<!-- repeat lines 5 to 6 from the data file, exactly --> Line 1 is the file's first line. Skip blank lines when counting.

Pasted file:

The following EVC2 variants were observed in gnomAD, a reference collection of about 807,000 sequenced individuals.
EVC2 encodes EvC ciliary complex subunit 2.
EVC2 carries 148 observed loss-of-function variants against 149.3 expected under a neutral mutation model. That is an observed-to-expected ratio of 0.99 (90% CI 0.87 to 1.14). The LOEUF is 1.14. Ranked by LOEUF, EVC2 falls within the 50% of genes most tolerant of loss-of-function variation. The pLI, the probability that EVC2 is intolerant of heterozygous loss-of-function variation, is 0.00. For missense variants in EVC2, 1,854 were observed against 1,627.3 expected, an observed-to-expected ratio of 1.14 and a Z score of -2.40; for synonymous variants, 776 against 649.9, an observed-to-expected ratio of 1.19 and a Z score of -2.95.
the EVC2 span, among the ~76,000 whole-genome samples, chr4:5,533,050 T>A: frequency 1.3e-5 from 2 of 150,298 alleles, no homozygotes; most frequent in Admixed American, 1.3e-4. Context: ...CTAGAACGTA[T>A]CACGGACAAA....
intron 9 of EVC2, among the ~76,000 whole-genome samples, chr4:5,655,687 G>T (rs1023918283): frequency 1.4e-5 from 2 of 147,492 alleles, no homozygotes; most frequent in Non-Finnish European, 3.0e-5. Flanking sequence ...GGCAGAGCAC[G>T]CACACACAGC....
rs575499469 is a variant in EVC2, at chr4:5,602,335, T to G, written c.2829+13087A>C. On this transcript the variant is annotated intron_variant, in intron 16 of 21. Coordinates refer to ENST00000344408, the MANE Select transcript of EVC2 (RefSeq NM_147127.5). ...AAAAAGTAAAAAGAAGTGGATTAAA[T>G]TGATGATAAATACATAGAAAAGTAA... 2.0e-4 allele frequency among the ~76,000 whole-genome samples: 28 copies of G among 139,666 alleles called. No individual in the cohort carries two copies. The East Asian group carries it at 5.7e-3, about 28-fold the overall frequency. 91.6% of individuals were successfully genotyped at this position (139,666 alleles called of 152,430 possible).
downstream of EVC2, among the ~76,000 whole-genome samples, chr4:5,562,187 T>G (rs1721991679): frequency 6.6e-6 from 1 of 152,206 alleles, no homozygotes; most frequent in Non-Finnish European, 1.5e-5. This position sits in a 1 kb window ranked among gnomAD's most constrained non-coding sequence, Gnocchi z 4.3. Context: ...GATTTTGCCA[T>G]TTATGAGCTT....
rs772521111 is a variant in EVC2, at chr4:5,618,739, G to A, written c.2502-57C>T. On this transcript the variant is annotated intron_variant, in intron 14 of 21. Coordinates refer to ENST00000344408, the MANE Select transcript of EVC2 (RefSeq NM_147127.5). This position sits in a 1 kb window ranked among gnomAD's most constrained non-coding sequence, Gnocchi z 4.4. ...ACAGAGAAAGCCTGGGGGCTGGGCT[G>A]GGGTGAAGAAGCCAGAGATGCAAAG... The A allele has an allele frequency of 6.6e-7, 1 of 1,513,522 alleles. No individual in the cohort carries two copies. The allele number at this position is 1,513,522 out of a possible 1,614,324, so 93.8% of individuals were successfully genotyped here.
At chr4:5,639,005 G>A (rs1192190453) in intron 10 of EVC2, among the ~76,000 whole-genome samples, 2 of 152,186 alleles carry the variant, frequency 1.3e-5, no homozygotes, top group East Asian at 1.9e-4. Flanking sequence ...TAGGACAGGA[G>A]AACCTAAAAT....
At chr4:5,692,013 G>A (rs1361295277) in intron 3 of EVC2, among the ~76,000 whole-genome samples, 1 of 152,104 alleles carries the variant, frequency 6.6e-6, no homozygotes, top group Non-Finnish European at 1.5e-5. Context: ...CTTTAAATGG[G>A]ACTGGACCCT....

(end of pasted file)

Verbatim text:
intron 9 of EVC2, among the ~76,000 whole-genome samples, chr4:5,655,687 G>T (rs1023918283): frequency 1.4e-5 from 2 of 147,492 alleles, no homozygotes; most frequent in Non-Finnish European, 3.0e-5. Flanking sequence ...GGCAGAGCAC[G>T]CACACACAGC....
rs575499469 is a variant in EVC2, at chr4:5,602,335, T to G, written c.2829+13087A>C. On this transcript the variant is annotated intron_variant, in intron 16 of 21. Coordinates refer to ENST00000344408, the MANE Select transcript of EVC2 (RefSeq NM_147127.5). ...AAAAAGTAAAAAGAAGTGGATTAAA[T>G]TGATGATAAATACATAGAAAAGTAA... 2.0e-4 allele frequency among the ~76,000 whole-genome samples: 28 copies of G among 139,666 alleles called. No individual in the cohort carries two copies. The East Asian group carries it at 5.7e-3, about 28-fold the overall frequency. 91.6% of individuals were successfully genotyped at this position (139,666 alleles called of 152,430 possible).